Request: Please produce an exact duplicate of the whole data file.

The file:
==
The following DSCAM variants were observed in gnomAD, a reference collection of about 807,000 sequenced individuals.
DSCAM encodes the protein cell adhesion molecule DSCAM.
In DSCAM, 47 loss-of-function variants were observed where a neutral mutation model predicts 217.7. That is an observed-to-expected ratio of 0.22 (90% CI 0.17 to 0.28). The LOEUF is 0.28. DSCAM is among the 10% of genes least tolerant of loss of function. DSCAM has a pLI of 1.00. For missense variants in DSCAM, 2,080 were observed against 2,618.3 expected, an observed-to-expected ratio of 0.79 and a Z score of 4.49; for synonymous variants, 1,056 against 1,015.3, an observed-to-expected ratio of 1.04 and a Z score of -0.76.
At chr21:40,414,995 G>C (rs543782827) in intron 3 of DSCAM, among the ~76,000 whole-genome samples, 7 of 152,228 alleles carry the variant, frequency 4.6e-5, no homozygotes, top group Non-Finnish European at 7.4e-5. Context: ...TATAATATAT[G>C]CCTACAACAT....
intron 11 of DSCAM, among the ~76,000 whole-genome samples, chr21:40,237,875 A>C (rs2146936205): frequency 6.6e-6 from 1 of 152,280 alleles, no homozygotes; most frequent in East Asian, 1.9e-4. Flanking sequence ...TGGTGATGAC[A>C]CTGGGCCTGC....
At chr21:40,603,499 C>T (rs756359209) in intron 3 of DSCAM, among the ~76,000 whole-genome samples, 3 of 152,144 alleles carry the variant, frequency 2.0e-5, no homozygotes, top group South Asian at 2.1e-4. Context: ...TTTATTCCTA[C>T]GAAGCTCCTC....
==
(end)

The following DSCAM variants were observed in gnomAD, a reference collection of about 807,000 sequenced individuals.
DSCAM encodes the protein cell adhesion molecule DSCAM.
In DSCAM, 47 loss-of-function variants were observed where a neutral mutation model predicts 217.7. That is an observed-to-expected ratio of 0.22 (90% CI 0.17 to 0.28). The LOEUF is 0.28. DSCAM is among the 10% of genes least tolerant of loss of function. DSCAM has a pLI of 1.00. For missense variants in DSCAM, 2,080 were observed against 2,618.3 expected, an observed-to-expected ratio of 0.79 and a Z score of 4.49; for synonymous variants, 1,056 against 1,015.3, an observed-to-expected ratio of 1.04 and a Z score of -0.76.
At chr21:40,414,995 G>C (rs543782827) in intron 3 of DSCAM, among the ~76,000 whole-genome samples, 7 of 152,228 alleles carry the variant, frequency 4.6e-5, no homozygotes, top group Non-Finnish European at 7.4e-5. Context: ...TATAATATAT[G>C]CCTACAACAT....
intron 11 of DSCAM, among the ~76,000 whole-genome samples, chr21:40,237,875 A>C (rs2146936205): frequency 6.6e-6 from 1 of 152,280 alleles, no homozygotes; most frequent in East Asian, 1.9e-4. Flanking sequence ...TGGTGATGAC[A>C]CTGGGCCTGC....
At chr21:40,603,499 C>T (rs756359209) in intron 3 of DSCAM, among the ~76,000 whole-genome samples, 3 of 152,144 alleles carry the variant, frequency 2.0e-5, no homozygotes, top group South Asian at 2.1e-4. Context: ...TTTATTCCTA[C>T]GAAGCTCCTC....